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Jane Birkin recalls memories as she brings back Gainsbourg
This file photo taken on April 11, 2018 shows a Rolls Royce car parked on Verneuil street in Paris, in front of a mural of French artist Serge Gainsbourg and British-French artist Jane Birkin by artist Jo Di Bona. Jane Birkin, who played "Gainsbourg Symphonique" on July 7, 2018 at the Summer Festival in Quebec, evoked some intimate memories with his pygmalion, with five songs that marked his discography. CHRISTOPHE SIMON / AFP.

by Nicolas Pratviel

QUEBEC CITY (AFP).- With her distinctly breathy, coquettish voice, Jane Birkin 50 years ago emerged as the muse to her late partner Serge Gainsbourg.

Birkin has revived the legendary French songwriter's music by singing accompanied by a full orchestra -- a format that would have pleased Gainsbourg, who frequently brought in classical motifs.

Birkin, who took her "Gainsbourg Symphonique" Saturday night to Quebec City's giant summer festival, the Festival d'ete de Quebec, explained to AFP some of the memories behind the songs:

"Je t'aime... moi non plus"
When Birkin first met Gainsbourg in 1968, the songwriter was heartbroken from a failed romance with film icon Brigitte Bardot. Birkin, a fledging actress from England, had just arrived in France after divorcing composer John Barry.

"Je t'aime... moi non plus" -- which means, awkwardly, "I love you... neither do I" -- became infamous for its raciness including recorded groans of erotic pleasure. The song was banned on radio in several countries and even condemned by the Vatican.

Gainsbourg had written the song for Bardot, which he dubbed "the most beautiful love song you can ever imagine," in 1967 and had pictured it as a duet. But in 1969, he ended up recording it with Birkin.

Birkin, who had a heavy English accent in French, said she was not taken aback when Gainsbourg invited her to sing as he was worried he would team up with one of the many actresses eager to collaborate with him, such as Mireille Darc.

"So when he asked me to sing it, after Bardot, I understood well," she said. "I did it, but one octave higher, although not on purpose. It just happened that way.

"It gave it a choirboy side that he liked a lot. It of course was transposed to our relationship -- he was 40, I was 20, but we were both acting younger.

"He also liked that I was English. Even the fact that I was married to John Barry, the James Bond composer, that flattered him a bit, with him just leaving Bardot."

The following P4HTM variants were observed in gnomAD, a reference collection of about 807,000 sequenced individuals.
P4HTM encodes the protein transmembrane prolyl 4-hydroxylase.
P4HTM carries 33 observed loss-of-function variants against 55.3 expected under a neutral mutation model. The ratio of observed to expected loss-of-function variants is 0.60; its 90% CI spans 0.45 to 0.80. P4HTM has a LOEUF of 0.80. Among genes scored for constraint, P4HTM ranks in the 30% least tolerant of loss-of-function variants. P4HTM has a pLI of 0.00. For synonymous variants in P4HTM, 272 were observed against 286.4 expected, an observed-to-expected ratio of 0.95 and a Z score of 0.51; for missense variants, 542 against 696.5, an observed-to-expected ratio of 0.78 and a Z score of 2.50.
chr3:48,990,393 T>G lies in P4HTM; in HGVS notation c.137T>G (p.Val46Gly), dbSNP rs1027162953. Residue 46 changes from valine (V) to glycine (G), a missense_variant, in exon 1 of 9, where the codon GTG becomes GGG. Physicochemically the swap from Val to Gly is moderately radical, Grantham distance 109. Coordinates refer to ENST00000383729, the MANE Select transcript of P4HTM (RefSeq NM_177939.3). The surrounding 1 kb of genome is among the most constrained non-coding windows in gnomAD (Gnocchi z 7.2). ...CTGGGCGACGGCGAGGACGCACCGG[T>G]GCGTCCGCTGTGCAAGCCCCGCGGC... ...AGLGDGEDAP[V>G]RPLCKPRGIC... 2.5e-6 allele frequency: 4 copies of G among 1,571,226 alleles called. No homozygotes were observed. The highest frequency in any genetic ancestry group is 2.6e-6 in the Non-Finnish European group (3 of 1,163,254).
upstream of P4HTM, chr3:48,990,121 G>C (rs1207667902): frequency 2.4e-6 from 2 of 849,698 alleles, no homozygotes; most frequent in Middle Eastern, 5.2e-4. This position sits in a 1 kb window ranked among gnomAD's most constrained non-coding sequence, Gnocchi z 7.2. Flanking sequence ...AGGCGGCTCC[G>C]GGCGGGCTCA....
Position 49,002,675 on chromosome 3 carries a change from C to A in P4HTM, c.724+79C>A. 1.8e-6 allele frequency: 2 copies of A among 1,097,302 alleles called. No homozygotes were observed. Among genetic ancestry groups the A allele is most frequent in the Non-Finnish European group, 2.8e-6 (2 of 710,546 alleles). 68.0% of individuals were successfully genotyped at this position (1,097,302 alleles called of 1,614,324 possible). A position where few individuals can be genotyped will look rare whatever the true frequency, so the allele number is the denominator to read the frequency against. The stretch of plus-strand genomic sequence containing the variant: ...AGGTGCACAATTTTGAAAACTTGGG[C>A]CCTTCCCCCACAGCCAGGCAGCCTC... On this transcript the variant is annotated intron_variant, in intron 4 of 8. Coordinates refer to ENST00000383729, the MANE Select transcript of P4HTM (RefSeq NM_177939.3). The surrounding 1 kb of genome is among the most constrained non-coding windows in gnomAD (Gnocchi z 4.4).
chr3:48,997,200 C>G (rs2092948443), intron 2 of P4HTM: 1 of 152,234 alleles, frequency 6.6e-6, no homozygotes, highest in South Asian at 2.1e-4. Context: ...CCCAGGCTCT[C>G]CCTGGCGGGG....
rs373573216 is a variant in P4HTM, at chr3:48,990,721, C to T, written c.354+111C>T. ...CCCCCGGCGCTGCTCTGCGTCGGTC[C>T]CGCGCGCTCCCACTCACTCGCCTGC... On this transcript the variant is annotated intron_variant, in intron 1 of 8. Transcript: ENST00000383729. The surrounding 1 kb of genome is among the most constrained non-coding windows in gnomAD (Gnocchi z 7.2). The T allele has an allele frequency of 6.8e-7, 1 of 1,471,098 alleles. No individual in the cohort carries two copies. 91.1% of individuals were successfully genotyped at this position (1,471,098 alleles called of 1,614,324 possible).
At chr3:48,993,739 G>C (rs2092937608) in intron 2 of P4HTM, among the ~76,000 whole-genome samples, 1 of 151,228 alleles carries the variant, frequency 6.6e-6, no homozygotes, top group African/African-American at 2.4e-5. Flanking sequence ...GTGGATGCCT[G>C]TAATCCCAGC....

"Jane B"
Gainsbourg wrote the song for Birkin even before he asked her to sing on "Je t'aime... moi non plus," she recalled. Set to Chopin, the song -- which appeared as a B-side to "Je t'aime... moi non plus" -- became an introduction of sorts of Birkin to listeners.

"It's funny to sing it again 50 years later," the 71-year-old Birkin said, recalling the line, "Age: between 20 and 21."

"It makes me smile a bit. People crack up when hearing me say that."

"Les dessous chic"
In 1983, Gainsbourg and Birkin had been separated for three years but he continued to write songs for her. Birkin said she remembers him intensely when she sings "Les dessous chic."

"It's the most beautiful song about separation you could ever have," she said. "It's probably my favorite because everything that's inside of it is really him."

"There's a great modesty in all of his songs that he wrote about separation. Serge never stopped writing about me until the end."

'Lost Song'
In 1987, Jane had been involved for seven years with director Jacques Doillon with whom she had a daughter, Lou.

"Eternal questions had been gnawing on me about my identity, whether more French or English, and about aging," she said. "Serge refused to write me a song on that theme and would tell me, 'You'll never get old.'"

After Birkin told Gainsbourg how she hummed a melody of Edvard Grieg in a commercial, the songwriter wrote her a song based on the Norwegian composer's "Peer Gynt." But he insisted on choosing the theme.

"It's strange to sing about the pains of someone else, who knowingly asks you, and no one else, to sing them. Serge was crying during the recording and I was singing the best I could and as high as I could to make an impression."

© Agence France-Presse

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